"A few words need to be said about the "theory of evolution," which most people take to mean the proposition that organisms have evolved from common ancestors. In everyday speech, "theory" often means a hypothesis or even a mere speculation. But in science, "theory" means "a statement of what are held to be the general laws, principles, or causes of something known or observed." as the Oxford English Dictionary defines it. The theory of evolution is a body of interconnected statements about natural selection and the other processes that are thought to cause evolution, just as the atomic theory of chemistry and the Newtonian theory of mechanics are bodies of statements that describe causes of chemical and physical phenomena. In contrast, the statement that organisms have descended with modifications from common ancestors--the historical reality of evolution--is not a theory. It is a fact, as fully as the fact of the earth's revolution about the sun. Like the heliocentric solar system, evolution began as a hypothesis, and achieved "facthood" as the evidence in its favor became so strong that no knowledgeable and unbiased person could deny its reality. No biologist today would think of submitting a paper entitled "New evidence for evolution;" it simply has not been an issue for a century.

    - Douglas J. Futuyma, Evolutionary Biology, 2nd ed., 1986


    Evolution is a Fact and a Theory

    Those wishing to propagate their willful ignorance on the matter, please skip.

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  34. Thorton:

    ==========
    The fact of evolution is that life has been on this planet, constantly changing, for over 3.3 billion years. ... LOL! That life forms have changed over time is defined as evolution.

    the statement that organisms have descended with modifications from common ancestors--the historical reality of evolution--is not a theory. It is a fact,

    Evolution as a process that has always gone on in the history of the earth can be doubted only by those who are ignorant of the evidence or are resistant to evidence, owing to emotional blocks or to plain bigotry. By contrast, the mechanisms that bring evolution about certainly need study and clarification. There are no alternatives to evolution as history that can withstand critical examination. Yet we are constantly learning new and important facts about evolutionary mechanisms.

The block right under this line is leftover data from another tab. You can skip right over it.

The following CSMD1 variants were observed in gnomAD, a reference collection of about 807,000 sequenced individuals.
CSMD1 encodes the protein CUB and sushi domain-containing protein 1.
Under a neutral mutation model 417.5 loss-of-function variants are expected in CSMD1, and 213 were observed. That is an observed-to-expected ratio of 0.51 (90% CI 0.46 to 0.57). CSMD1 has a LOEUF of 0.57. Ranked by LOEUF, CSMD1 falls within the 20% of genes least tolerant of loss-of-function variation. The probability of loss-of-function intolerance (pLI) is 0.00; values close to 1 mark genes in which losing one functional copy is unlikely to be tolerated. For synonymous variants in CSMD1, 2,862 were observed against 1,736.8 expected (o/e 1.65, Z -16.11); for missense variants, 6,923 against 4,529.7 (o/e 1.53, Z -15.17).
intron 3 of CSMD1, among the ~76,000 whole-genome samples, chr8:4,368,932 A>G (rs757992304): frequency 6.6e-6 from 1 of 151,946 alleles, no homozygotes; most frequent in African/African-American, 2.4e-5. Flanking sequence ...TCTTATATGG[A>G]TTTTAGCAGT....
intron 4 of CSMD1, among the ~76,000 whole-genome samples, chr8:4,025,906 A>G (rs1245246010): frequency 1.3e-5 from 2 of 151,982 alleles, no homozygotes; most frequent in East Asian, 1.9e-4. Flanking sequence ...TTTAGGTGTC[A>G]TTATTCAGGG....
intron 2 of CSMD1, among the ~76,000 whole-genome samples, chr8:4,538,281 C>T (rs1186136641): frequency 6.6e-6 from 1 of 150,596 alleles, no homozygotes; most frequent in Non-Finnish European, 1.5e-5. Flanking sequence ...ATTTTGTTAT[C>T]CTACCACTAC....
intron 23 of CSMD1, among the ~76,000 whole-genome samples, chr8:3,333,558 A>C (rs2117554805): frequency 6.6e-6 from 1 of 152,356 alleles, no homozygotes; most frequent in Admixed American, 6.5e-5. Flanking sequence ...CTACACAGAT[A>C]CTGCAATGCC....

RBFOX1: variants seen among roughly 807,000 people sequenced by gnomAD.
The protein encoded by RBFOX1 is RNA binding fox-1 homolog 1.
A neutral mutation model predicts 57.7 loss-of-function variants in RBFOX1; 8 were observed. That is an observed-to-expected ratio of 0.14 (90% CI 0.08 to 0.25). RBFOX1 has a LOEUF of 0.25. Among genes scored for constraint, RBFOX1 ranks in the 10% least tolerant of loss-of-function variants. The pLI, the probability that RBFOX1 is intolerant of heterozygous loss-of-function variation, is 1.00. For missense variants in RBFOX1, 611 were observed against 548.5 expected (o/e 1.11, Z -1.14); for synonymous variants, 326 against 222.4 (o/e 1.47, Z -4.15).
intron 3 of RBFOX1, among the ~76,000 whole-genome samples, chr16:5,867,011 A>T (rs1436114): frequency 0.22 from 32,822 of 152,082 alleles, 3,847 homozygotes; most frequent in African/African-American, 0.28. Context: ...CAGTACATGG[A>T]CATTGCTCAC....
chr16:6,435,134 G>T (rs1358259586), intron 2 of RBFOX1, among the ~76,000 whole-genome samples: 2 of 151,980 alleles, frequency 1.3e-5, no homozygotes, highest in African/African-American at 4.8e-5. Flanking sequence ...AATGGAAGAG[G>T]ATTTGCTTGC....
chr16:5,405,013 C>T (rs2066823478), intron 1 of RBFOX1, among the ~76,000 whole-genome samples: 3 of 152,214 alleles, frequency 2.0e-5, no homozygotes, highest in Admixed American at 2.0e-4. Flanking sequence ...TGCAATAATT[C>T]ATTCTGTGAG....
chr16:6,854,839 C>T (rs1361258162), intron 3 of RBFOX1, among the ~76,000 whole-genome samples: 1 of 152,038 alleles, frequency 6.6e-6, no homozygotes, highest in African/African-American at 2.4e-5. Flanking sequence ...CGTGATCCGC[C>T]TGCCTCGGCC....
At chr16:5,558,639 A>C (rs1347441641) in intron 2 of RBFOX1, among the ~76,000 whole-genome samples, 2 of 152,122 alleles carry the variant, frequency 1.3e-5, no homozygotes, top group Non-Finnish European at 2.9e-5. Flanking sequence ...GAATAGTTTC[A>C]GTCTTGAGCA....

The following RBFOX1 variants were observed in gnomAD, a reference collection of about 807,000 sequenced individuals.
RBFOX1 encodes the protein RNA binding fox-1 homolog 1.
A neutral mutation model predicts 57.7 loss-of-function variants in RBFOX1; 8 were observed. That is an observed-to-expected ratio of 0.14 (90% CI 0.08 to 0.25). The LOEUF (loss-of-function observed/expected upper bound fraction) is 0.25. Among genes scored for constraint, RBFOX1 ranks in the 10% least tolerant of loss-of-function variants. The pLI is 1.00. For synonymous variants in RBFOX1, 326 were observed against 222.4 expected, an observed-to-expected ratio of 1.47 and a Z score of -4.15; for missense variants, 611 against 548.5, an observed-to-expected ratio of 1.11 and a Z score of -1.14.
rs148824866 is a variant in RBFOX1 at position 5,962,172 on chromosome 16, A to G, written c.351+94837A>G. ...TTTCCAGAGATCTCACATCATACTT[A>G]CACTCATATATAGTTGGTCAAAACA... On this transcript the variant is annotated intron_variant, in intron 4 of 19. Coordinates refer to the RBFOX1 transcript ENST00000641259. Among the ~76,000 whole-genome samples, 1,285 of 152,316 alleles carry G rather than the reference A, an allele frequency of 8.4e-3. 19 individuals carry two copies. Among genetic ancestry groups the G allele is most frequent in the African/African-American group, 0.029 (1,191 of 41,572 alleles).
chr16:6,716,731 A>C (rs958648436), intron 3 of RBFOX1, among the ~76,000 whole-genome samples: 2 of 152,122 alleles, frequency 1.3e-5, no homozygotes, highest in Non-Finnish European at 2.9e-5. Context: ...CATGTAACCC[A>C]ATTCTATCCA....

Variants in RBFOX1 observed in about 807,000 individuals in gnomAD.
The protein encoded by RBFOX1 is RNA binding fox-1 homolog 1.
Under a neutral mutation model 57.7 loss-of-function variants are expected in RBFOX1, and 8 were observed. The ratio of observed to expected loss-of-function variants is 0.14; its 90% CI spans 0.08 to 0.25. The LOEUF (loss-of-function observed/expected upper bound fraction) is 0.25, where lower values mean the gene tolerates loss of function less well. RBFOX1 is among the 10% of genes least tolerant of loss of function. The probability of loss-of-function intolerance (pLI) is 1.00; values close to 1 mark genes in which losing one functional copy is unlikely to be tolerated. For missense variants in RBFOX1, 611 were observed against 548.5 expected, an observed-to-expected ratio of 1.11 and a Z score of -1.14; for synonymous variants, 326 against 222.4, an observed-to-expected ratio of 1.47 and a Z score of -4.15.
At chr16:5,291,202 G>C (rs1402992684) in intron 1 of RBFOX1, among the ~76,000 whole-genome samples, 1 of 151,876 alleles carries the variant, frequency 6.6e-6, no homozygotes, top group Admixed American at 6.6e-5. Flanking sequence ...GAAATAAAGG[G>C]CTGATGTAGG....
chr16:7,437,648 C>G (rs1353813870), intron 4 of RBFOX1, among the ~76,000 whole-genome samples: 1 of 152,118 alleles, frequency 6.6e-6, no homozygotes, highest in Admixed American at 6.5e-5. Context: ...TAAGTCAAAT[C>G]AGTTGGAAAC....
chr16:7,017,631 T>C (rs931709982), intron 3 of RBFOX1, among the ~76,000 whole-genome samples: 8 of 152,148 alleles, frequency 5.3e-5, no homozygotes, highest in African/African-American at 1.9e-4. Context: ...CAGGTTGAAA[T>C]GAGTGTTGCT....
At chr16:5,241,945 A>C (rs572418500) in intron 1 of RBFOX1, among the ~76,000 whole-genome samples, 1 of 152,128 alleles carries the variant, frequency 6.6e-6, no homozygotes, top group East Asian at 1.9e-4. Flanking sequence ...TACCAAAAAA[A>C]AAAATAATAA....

the fact of evolution--that all living organisms present on earth today have arisen from earlier forms in the course of earth's long history.
    ==========

    So the fact of evolution is that life has changed over the past 3.3 billion years, or common ancestry, or the evolutionary processes. And I'm the one who is equivocating.

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  35. CH:"So the fact of evolution is that life has changed over the past 3.3 billion years, or common ancestry, or the evolutionary processes. And I'm the one who is equivocating."

    Yes. You keep equivocating between the fact of evolution - observed common ancestry and the theory of evolution - the evolutionary processes. You keep using the single word 'evolution' and switching between the two meanings without clarifying which of the definitions you are using. That's the textbook definition of equivocation.

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  36. Thorton:

    ===
    Yes. You keep equivocating between the fact of evolution - observed common ancestry and the theory of evolution - the evolutionary processes. You keep using the single word 'evolution' and switching between the two meanings without clarifying which of the definitions you are using. That's the textbook definition of equivocation.
    ===

    So you said the fact of evolution is:

    1. That life has changed over the past 3.3 billion years.

    2. Common ancestry. (from the link you provided)